On Saturday, following his introduction of Judge Amy Coney Barrett as his Supreme Court nominee, President Trump held a rally in Pennsylvania’s Dauphin County, home to Harrisburg, the capital city and county seat.
Trump’s visit wasn’t surprising. In the state’s largely Republican south-central region, Dauphin is the lone Democratic county, which Hillary Clinton carried by less than three percentage points in 2016. Though Democrats have outnumbered GOP voters since 2008 — when Barack Obama became the first Democrat since 1964 to win the county — Dauphin still trends Republican in lower offices, from state legislators to county governance.
In other words, Dauphin is competitive for both parties. This year, the county’s largely suburban voters view the election as a referendum on the pandemic era. Their verdict could complicate the path to a Pennsylvania victory for Trump or Joe Biden, the Democratic nominee.
This is particularly evident in Hershey, the town synonymous with chocolate. Most of the municipal area, formally known as Derry Township (population 25,000), went for Trump in 2016. And yet, Hershey contributes to the county’s political unpredictability.
Over time, it has transitioned from a rural company town into a flourishing suburb. To visitors, it’s a major tourist destination — known for its amusement park, Chocolate World, and resort hotels — where founder Milton Hershey’s dream reigns supreme. Indeed, the famous chocolate company remains a major community presence. But today, Hershey is also a health care hub. It’s home to Penn State’s research hospital, which is the county’s top private employer.
In recent decades, the Hershey medical center has erased the community’s quaint, blue-collar roots. It’s now home to highly educated transplants — moderates and progressives less attuned to the town’s cherished past. This transient population is pitted against the largely conservative Pennsylvania Dutch and Italian natives, who believe Milton Hershey’s vision has faded from memory. This demographic shift no longer makes Hershey a reliably GOP area.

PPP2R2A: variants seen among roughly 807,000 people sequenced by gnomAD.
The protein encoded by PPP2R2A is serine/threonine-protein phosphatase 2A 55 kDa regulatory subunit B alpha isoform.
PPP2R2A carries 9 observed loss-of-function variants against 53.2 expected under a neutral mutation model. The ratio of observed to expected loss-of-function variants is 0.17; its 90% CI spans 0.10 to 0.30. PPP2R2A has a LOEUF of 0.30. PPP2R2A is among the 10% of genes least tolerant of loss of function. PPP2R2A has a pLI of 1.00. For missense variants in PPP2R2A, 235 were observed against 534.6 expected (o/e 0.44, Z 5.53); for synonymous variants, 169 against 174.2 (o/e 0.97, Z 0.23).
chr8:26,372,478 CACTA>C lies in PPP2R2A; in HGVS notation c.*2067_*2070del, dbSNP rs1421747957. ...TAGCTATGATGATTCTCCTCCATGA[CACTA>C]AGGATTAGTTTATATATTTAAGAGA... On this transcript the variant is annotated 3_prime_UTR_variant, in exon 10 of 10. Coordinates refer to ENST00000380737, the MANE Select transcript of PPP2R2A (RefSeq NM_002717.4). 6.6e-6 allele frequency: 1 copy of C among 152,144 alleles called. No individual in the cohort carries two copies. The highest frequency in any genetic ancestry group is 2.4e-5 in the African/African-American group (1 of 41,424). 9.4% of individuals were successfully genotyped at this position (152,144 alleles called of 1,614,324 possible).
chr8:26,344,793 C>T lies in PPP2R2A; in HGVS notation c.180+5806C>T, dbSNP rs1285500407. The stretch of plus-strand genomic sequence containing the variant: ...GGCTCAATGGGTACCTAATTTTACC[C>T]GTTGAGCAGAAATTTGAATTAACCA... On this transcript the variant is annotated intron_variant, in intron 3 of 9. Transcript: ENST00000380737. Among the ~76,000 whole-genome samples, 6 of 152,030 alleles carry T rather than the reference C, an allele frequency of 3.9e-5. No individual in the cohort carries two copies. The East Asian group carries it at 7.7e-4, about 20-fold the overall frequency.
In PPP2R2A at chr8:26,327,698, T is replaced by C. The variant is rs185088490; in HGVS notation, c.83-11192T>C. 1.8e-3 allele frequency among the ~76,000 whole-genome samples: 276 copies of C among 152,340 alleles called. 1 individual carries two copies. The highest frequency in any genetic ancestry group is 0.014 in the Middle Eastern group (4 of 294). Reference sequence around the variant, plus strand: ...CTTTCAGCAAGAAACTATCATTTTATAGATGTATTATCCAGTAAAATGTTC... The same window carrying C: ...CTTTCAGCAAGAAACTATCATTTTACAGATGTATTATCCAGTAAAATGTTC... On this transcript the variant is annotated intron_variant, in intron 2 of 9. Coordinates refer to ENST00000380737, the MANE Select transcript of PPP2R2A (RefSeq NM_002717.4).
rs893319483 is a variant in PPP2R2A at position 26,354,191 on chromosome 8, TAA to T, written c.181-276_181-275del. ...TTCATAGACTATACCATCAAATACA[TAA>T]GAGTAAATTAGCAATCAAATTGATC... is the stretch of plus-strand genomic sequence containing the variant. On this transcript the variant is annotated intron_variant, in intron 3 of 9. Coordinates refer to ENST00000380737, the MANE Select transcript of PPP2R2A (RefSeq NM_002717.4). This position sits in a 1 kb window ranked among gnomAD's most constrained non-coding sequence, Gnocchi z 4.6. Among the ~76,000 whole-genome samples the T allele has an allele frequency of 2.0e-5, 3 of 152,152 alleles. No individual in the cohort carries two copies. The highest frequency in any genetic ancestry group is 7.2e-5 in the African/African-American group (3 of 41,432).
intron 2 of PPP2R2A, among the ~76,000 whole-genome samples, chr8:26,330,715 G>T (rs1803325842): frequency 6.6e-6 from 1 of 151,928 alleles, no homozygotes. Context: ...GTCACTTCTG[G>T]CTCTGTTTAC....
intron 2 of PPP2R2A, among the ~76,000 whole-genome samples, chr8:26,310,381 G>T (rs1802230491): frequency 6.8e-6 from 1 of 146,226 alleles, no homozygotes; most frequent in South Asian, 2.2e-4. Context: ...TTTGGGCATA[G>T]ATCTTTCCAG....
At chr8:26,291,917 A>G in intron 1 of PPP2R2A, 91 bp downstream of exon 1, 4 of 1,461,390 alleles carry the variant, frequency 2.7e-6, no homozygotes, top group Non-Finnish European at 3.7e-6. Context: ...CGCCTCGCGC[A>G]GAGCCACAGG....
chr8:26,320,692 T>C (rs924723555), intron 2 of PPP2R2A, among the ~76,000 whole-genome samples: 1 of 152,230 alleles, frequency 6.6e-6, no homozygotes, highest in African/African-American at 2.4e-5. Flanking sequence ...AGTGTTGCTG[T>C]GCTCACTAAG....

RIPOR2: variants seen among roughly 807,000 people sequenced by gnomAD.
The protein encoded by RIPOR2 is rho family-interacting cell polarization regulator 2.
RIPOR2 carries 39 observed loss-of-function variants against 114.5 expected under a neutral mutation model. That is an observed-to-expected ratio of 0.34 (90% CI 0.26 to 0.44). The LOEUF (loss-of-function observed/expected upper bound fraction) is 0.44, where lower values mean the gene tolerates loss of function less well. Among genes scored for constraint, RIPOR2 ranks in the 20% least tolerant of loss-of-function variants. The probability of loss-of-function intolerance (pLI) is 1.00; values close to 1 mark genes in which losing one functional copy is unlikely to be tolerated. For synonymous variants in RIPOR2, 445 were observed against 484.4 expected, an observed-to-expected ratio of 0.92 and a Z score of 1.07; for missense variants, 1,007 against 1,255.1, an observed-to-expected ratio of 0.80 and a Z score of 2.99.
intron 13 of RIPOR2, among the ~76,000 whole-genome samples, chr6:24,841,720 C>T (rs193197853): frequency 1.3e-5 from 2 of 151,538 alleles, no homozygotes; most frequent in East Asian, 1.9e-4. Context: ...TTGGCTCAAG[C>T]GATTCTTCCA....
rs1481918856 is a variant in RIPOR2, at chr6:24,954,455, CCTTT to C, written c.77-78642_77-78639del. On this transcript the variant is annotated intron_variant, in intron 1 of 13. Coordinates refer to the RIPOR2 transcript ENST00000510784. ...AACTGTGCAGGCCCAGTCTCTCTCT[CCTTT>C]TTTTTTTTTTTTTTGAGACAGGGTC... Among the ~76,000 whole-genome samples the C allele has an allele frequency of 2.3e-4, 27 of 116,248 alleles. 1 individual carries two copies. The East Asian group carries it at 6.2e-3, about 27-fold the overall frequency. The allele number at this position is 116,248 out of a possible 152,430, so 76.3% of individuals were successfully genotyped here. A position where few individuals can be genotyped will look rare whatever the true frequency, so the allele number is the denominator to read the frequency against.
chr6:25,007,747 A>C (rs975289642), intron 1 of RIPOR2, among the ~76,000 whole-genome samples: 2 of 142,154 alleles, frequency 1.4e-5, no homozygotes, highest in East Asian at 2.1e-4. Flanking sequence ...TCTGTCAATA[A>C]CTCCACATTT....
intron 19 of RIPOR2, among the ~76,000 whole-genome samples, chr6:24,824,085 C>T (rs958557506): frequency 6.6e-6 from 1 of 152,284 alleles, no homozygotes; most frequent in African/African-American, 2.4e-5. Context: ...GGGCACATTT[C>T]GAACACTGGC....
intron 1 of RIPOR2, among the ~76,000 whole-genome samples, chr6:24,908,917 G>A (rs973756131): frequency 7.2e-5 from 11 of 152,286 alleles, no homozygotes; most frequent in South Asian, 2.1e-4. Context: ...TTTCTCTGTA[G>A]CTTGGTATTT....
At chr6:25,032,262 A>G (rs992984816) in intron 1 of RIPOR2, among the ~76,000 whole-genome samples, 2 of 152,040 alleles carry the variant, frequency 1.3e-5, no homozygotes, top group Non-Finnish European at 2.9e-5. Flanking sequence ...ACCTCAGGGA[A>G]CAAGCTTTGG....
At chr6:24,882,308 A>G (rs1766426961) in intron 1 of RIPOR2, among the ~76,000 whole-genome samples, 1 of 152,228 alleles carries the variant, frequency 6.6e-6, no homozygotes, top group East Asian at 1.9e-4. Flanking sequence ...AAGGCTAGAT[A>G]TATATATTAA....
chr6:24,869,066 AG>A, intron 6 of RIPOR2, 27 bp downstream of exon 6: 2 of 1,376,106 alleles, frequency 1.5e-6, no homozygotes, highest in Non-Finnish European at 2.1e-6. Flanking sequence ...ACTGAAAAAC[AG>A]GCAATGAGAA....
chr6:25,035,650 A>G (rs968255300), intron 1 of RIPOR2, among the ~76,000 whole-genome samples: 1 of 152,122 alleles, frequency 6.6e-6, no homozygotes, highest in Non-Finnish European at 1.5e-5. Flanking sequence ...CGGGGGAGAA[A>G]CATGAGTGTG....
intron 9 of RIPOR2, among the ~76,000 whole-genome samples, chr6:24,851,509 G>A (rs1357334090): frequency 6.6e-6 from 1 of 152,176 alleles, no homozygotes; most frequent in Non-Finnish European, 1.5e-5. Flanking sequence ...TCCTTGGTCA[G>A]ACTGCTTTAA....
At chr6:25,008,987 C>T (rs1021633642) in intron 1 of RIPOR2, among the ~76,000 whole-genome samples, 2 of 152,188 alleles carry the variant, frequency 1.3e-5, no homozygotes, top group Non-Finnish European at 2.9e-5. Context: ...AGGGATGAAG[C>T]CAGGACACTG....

The town’s political divisions were only heightened by the pandemic. The crisis has illustrated a tale of two economies. At first glance, Hershey appears to have thrived despite the economic consequences of COVID-19. Along the leafy avenues surrounding downtown, there’s a residential construction boom as large Craftsman homes replace old postwar ranchers. Meanwhile, McMansion-packed neighborhoods define the hills and former farms near the medical center. In this part of town, a tract of bucolic farmland — dubbed the West End — is turning into a massive, mixed-use community that will only intensify Hershey’s demographic change.
Biden yard signs are proliferating in these neighborhoods, where many residents are employed in medicine and research. Their political preference reflects a national trend. As the Wall Street Journal noted last year, today’s doctors — once “America’s quintessential Republicans” — lean Democratic. According to the Journal’s analysis, in 2018 almost two-thirds of physician campaign contributions went to Democrats.
Hershey’s prosperity, though, is an illusion. Indeed, the pandemic has battered the community. In the spring, the medical center’s vast complex became an ominous site when it restricted visitors and treated coronavirus patients. The dangers of COVID-19 remain a dark reality for the hospital’s employees.
Outside the facility, Hershey has suffered the economic costs of Democratic Gov. Tom Wolf’s emergency lockdown measures, which resulted in the closure of “non-essential” businesses. For a time, Hershey — dependent on its tourism season — became a ghost town. It’s now paying the price. Hundreds of employees in its tourism sector, for example, were laid off. Meanwhile, the local government confronts a bleak fiscal future, with lost revenue from its amusement and parking taxes. At one point, there was even talk about foreclosure at the Giant Center, the arena where Trump held a jam-packed rally just days before the 2016 election.
Many Hershey residents express anger over Wolf’s arbitrary — even illogical — mandates. In a recent letter to a local newspaper, one restaurant owner wrote that it was “time to call out our Governor for killing the restaurant industry and all of the employees that are associated with it.” This month, a federal judge ruled that components of Wolf’s pandemic restrictions — including limits on public gatherings — were unconstitutional. Last week, the judge denied Wolf’s attempt to stop the ruling.
In Pennsylvania towns like Hershey, anger over the governor’s policies could translate into votes against Biden. For now, though, Hershey — especially in its upper-middle-class neighborhoods — has never looked so Democratic.
Still, evidence suggests this town has plenty of Trump supporters. In recent weeks, Trump yard signs and flags have appeared everywhere — including in those wealthier neighborhoods. The president’s latest visit to Dauphin is a reminder that the county is still in play. Suburbs like those in Hershey, moreover, indicate that Pennsylvania remains an unpredictable battleground.